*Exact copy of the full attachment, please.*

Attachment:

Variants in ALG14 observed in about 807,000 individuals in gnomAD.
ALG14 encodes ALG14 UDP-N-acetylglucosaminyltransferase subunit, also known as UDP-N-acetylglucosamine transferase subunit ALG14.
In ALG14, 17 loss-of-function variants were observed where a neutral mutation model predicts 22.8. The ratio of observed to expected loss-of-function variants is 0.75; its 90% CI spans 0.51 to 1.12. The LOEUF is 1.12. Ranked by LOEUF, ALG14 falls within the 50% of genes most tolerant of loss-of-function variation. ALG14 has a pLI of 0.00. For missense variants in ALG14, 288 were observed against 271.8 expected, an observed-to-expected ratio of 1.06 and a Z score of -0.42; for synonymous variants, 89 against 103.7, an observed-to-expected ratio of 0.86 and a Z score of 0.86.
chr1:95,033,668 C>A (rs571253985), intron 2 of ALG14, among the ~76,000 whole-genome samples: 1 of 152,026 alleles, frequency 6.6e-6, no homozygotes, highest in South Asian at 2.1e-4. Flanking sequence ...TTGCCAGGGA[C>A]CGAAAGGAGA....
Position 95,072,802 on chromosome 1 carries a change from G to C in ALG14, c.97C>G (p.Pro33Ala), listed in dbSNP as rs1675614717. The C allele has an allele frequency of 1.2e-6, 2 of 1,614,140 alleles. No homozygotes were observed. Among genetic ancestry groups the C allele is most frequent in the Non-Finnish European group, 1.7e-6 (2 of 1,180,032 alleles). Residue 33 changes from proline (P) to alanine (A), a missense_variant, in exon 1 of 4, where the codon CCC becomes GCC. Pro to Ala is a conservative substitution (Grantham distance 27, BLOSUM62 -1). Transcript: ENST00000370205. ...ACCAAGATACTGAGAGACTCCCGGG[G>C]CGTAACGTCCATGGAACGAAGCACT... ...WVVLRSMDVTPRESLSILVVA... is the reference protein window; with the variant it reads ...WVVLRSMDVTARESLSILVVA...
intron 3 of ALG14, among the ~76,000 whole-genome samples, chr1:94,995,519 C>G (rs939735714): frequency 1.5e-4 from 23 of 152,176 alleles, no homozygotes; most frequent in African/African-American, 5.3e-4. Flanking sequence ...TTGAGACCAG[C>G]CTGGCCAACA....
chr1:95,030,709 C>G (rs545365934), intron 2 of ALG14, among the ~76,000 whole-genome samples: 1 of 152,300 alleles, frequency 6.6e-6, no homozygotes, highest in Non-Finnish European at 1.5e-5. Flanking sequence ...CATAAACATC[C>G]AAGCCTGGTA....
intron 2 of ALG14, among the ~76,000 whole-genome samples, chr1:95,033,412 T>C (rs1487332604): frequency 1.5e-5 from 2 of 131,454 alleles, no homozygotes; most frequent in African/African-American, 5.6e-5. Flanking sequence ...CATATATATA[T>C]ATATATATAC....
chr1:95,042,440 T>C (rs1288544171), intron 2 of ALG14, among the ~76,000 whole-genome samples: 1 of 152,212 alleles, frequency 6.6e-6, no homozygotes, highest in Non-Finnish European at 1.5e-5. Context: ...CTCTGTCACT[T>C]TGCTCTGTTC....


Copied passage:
Variants in ALG14 observed in about 807,000 individuals in gnomAD.
ALG14 encodes ALG14 UDP-N-acetylglucosaminyltransferase subunit, also known as UDP-N-acetylglucosamine transferase subunit ALG14.
In ALG14, 17 loss-of-function variants were observed where a neutral mutation model predicts 22.8. The ratio of observed to expected loss-of-function variants is 0.75; its 90% CI spans 0.51 to 1.12. The LOEUF is 1.12. Ranked by LOEUF, ALG14 falls within the 50% of genes most tolerant of loss-of-function variation. ALG14 has a pLI of 0.00. For missense variants in ALG14, 288 were observed against 271.8 expected, an observed-to-expected ratio of 1.06 and a Z score of -0.42; for synonymous variants, 89 against 103.7, an observed-to-expected ratio of 0.86 and a Z score of 0.86.
chr1:95,033,668 C>A (rs571253985), intron 2 of ALG14, among the ~76,000 whole-genome samples: 1 of 152,026 alleles, frequency 6.6e-6, no homozygotes, highest in South Asian at 2.1e-4. Flanking sequence ...TTGCCAGGGA[C>A]CGAAAGGAGA....
Position 95,072,802 on chromosome 1 carries a change from G to C in ALG14, c.97C>G (p.Pro33Ala), listed in dbSNP as rs1675614717. The C allele has an allele frequency of 1.2e-6, 2 of 1,614,140 alleles. No homozygotes were observed. Among genetic ancestry groups the C allele is most frequent in the Non-Finnish European group, 1.7e-6 (2 of 1,180,032 alleles). Residue 33 changes from proline (P) to alanine (A), a missense_variant, in exon 1 of 4, where the codon CCC becomes GCC. Pro to Ala is a conservative substitution (Grantham distance 27, BLOSUM62 -1). Transcript: ENST00000370205. ...ACCAAGATACTGAGAGACTCCCGGG[G>C]CGTAACGTCCATGGAACGAAGCACT... ...WVVLRSMDVTPRESLSILVVA... is the reference protein window; with the variant it reads ...WVVLRSMDVTARESLSILVVA...
intron 3 of ALG14, among the ~76,000 whole-genome samples, chr1:94,995,519 C>G (rs939735714): frequency 1.5e-4 from 23 of 152,176 alleles, no homozygotes; most frequent in African/African-American, 5.3e-4. Flanking sequence ...TTGAGACCAG[C>G]CTGGCCAACA....
chr1:95,030,709 C>G (rs545365934), intron 2 of ALG14, among the ~76,000 whole-genome samples: 1 of 152,300 alleles, frequency 6.6e-6, no homozygotes, highest in Non-Finnish European at 1.5e-5. Flanking sequence ...CATAAACATC[C>G]AAGCCTGGTA....
intron 2 of ALG14, among the ~76,000 whole-genome samples, chr1:95,033,412 T>C (rs1487332604): frequency 1.5e-5 from 2 of 131,454 alleles, no homozygotes; most frequent in African/African-American, 5.6e-5. Flanking sequence ...CATATATATA[T>C]ATATATATAC....
chr1:95,042,440 T>C (rs1288544171), intron 2 of ALG14, among the ~76,000 whole-genome samples: 1 of 152,212 alleles, frequency 6.6e-6, no homozygotes, highest in Non-Finnish European at 1.5e-5. Context: ...CTCTGTCACT[T>C]TGCTCTGTTC....